Sunday, November 30, 2014

Oh, so those are poffertjes

If learning the rules of the bike lane is beginner-level expat, and being able to discern which part of the country someone is from by their accent is advanced-level expat, then poffertjes probably fall somewhere in the middle.   Not eating them--anybody who doesn't have a gluten allergy, a milk allergy, an egg allergy, and is capable of willfully ignoring everything you ever learned about butter can eat them.  But making them yourself--that takes a little skill.  Knowing where to find everything you need to make them is something a newbie could do, but the effort expended might not be worthwhile.  But if you've been around the block a few times it shouldn't bee too difficult.  Ignoring everything you ever learned about butter--you're on your own.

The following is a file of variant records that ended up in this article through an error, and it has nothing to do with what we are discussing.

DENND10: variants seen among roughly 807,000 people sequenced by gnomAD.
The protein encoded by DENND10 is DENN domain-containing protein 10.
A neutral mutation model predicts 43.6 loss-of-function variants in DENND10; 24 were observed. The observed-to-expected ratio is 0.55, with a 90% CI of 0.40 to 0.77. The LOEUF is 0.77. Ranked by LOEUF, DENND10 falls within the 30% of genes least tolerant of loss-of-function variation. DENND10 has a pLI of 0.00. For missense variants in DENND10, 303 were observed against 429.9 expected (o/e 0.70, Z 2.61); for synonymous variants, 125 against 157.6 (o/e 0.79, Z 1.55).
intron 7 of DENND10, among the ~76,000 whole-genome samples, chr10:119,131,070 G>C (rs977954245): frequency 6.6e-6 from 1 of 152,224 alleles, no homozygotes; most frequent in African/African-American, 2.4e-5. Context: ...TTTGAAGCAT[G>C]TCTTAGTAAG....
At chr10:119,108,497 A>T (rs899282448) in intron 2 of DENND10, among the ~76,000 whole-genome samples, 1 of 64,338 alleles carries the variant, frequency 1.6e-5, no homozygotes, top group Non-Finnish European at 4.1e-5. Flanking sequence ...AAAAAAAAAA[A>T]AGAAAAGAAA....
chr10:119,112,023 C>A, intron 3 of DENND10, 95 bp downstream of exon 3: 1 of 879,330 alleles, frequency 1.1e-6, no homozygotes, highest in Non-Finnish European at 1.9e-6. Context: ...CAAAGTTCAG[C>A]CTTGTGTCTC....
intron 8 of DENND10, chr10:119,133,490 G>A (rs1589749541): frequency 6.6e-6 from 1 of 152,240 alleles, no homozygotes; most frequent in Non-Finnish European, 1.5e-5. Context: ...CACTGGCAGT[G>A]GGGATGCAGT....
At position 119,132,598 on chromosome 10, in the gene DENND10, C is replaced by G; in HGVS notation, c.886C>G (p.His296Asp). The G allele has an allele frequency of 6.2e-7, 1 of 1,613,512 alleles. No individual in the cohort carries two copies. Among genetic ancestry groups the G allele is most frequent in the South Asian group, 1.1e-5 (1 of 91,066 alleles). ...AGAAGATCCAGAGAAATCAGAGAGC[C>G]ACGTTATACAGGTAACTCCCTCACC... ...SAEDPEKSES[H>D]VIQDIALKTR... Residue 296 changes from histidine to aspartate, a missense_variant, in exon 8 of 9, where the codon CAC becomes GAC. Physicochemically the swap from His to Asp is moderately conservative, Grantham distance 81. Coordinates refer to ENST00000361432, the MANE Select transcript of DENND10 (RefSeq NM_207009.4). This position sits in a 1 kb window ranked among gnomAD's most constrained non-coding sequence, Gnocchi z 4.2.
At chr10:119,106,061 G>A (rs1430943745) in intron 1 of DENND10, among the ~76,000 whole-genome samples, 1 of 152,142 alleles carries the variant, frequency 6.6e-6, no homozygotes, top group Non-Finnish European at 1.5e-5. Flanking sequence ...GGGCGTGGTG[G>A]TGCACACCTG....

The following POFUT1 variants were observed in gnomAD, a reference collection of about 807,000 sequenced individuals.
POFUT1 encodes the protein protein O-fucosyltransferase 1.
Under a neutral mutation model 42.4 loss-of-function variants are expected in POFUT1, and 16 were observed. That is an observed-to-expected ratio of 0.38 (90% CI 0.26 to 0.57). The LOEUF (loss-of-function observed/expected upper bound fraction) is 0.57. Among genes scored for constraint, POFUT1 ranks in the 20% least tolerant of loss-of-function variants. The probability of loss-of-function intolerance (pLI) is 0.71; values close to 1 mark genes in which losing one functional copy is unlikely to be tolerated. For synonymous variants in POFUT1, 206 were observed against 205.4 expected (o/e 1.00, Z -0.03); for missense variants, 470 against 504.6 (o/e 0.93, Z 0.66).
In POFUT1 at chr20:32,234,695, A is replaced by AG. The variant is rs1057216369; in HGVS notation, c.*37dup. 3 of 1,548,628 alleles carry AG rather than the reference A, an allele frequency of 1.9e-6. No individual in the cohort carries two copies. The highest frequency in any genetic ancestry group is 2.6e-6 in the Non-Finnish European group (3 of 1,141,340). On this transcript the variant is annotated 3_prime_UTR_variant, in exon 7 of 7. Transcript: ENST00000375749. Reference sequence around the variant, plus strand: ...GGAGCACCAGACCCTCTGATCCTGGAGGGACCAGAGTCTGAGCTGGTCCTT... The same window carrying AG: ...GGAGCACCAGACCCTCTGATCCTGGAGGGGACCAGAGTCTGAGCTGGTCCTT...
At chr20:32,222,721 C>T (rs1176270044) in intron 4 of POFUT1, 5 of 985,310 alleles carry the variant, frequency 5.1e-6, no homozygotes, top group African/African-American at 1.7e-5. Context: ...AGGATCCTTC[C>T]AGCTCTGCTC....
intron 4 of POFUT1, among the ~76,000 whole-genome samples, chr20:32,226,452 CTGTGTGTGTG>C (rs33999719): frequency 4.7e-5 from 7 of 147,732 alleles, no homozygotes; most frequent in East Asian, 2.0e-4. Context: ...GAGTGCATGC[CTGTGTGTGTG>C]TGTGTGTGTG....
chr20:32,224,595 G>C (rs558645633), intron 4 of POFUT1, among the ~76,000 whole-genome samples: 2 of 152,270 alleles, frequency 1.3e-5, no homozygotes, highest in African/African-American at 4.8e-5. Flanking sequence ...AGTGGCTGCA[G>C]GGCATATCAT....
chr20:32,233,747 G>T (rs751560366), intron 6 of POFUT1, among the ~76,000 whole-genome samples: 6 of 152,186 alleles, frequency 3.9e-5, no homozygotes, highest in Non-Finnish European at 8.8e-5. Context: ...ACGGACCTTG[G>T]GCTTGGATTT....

It's worth noting, though, that unless you're a connoisseur of poffertjes, you probably ought to just stick with getting them from the kramen whenever there's a kermis, or else pony up the cash to sit down at a restaurant that specializes in discs of batter fried in butter.  Poffertjes are tasty, but healthy they ain't:  flour, butter, powdered sugar, stroop if that's your thing--everything anybody ever taught you about healthy eating, gone wrong.  Even if you can make them at home, it's probably better for your coronaries if you don't.